Most women today want two, three or four children — fewer than in generations past. The use of modern contraceptive methods has increased rapidly over the past 30 years, especially in less developed countries with strong family planning programmes. However, contraceptives are used by only 60 percent of couples in these countries. Most of programs reflect a greater contraceptive use by women.
The challenge is to provide services for the remaining 40 percent, who represent unmet needs. Poverty and profound inequalities between men and women limit women's ability to plan their pregnancies. So does lack of access to effective contraceptive protection. An integral part of reproductive health is ensuring contraceptive security, by which all persons are able to choose, obtain and use high-quality contraceptives whenever they need them.
In Egypt, the latest Demographic and Health Survey (2008) acknowledged that many Egyptian women are having more births than they consider ideal. Overall, 14 percent of births in the five years prior to the survey were reported not wanted. Among these, 5 percent of births were identified as 'mistimed', meaning wanted later; while 9 percent were unwanted entirely. If Egyptian women were to have the number of children they consider ideal, the total fertility rate would fall from 3.0 births to 2.4 births per woman.
Hence, as part of that national policy goal, the Ministry of Health assigns high priority to ensuring the continuation of supply of subsidized RH commodities through a well-established system of services. Yet challenges do remain. Gaps include financial pressures on public resources, inadequate user fees, limited information for decision making, lack of appropriate collaboration between sectors and partners working toward contraceptive security, and inadequate quality control measures in commodity testing and service delivery.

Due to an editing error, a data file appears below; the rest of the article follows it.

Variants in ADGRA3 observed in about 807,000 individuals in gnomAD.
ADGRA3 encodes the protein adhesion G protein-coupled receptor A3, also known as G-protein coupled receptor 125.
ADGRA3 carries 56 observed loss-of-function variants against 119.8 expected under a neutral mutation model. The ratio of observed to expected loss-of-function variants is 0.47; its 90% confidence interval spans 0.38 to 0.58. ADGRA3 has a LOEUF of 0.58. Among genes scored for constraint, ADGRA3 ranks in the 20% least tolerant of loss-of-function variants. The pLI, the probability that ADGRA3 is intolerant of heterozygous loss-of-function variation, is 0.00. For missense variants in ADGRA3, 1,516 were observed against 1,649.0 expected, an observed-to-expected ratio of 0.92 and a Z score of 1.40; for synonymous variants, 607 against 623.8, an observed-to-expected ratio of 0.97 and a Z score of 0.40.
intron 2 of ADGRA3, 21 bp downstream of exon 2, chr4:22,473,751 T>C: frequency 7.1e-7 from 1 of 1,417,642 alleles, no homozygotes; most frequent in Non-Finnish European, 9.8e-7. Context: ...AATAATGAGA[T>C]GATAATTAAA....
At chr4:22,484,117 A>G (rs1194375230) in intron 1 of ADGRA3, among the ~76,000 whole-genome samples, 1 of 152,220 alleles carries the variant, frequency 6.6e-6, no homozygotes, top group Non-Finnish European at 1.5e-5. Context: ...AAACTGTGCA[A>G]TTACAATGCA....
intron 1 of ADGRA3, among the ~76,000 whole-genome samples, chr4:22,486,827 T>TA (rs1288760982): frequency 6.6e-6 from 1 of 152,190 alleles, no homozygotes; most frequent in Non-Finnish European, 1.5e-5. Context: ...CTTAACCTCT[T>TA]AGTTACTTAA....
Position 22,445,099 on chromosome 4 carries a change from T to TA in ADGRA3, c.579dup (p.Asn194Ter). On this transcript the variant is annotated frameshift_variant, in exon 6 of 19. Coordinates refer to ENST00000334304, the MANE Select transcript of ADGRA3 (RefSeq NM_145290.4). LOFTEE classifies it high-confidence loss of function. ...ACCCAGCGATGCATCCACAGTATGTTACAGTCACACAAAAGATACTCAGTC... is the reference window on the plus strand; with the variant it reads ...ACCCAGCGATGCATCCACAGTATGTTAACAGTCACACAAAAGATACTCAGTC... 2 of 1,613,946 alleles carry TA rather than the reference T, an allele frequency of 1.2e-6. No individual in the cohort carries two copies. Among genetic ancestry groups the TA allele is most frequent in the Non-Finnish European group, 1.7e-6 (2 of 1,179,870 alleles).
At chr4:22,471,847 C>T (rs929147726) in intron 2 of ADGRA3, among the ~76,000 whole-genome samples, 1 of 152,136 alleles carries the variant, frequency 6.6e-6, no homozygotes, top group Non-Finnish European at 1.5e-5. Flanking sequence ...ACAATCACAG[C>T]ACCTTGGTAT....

Despite all these gaps, the country has a strong government-led national family planning programme that has succeeded in raising the Contraceptive Prevalence Rate (CPR), from 47.6 percent in 1991 to 60.3 percent in 2008. Also, the Total Fertility Rate (TFR) has been slowly declining from 4.4 live born children per woman in 1988 to 3 in 2008, while the gap between the urban governorates and the rural ones has been reduced.
TFR has decreased because the 'average age at first marriage', the 'average age at first birth' and the 'contraceptive prevalence rate', have all increased. Egypt considers progress in TFR and CPR indicators as a prerequisite for achieving its national policy goal of reducing population growth and for the achievement of MDG 5 b: Universal access to Reproductive Health Services.